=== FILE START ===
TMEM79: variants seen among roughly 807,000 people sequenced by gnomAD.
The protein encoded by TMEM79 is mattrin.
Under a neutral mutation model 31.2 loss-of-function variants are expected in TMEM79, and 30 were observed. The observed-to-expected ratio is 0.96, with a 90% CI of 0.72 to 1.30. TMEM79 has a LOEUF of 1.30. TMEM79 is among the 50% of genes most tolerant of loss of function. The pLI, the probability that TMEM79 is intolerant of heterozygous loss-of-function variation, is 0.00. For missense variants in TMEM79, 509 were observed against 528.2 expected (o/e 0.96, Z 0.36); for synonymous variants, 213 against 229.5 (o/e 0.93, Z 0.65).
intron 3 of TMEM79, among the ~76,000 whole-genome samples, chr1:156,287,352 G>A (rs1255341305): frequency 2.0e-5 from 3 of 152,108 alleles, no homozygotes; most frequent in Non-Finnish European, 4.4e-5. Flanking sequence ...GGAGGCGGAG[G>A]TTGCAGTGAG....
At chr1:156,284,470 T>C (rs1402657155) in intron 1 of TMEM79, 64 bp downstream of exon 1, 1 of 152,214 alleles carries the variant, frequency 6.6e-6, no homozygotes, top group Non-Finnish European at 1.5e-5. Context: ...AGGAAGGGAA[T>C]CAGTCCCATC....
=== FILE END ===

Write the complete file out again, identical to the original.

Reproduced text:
TMEM79: variants seen among roughly 807,000 people sequenced by gnomAD.
The protein encoded by TMEM79 is mattrin.
Under a neutral mutation model 31.2 loss-of-function variants are expected in TMEM79, and 30 were observed. The observed-to-expected ratio is 0.96, with a 90% CI of 0.72 to 1.30. TMEM79 has a LOEUF of 1.30. TMEM79 is among the 50% of genes most tolerant of loss of function. The pLI, the probability that TMEM79 is intolerant of heterozygous loss-of-function variation, is 0.00. For missense variants in TMEM79, 509 were observed against 528.2 expected (o/e 0.96, Z 0.36); for synonymous variants, 213 against 229.5 (o/e 0.93, Z 0.65).
intron 3 of TMEM79, among the ~76,000 whole-genome samples, chr1:156,287,352 G>A (rs1255341305): frequency 2.0e-5 from 3 of 152,108 alleles, no homozygotes; most frequent in Non-Finnish European, 4.4e-5. Flanking sequence ...GGAGGCGGAG[G>A]TTGCAGTGAG....
At chr1:156,284,470 T>C (rs1402657155) in intron 1 of TMEM79, 64 bp downstream of exon 1, 1 of 152,214 alleles carries the variant, frequency 6.6e-6, no homozygotes, top group Non-Finnish European at 1.5e-5. Context: ...AGGAAGGGAA[T>C]CAGTCCCATC....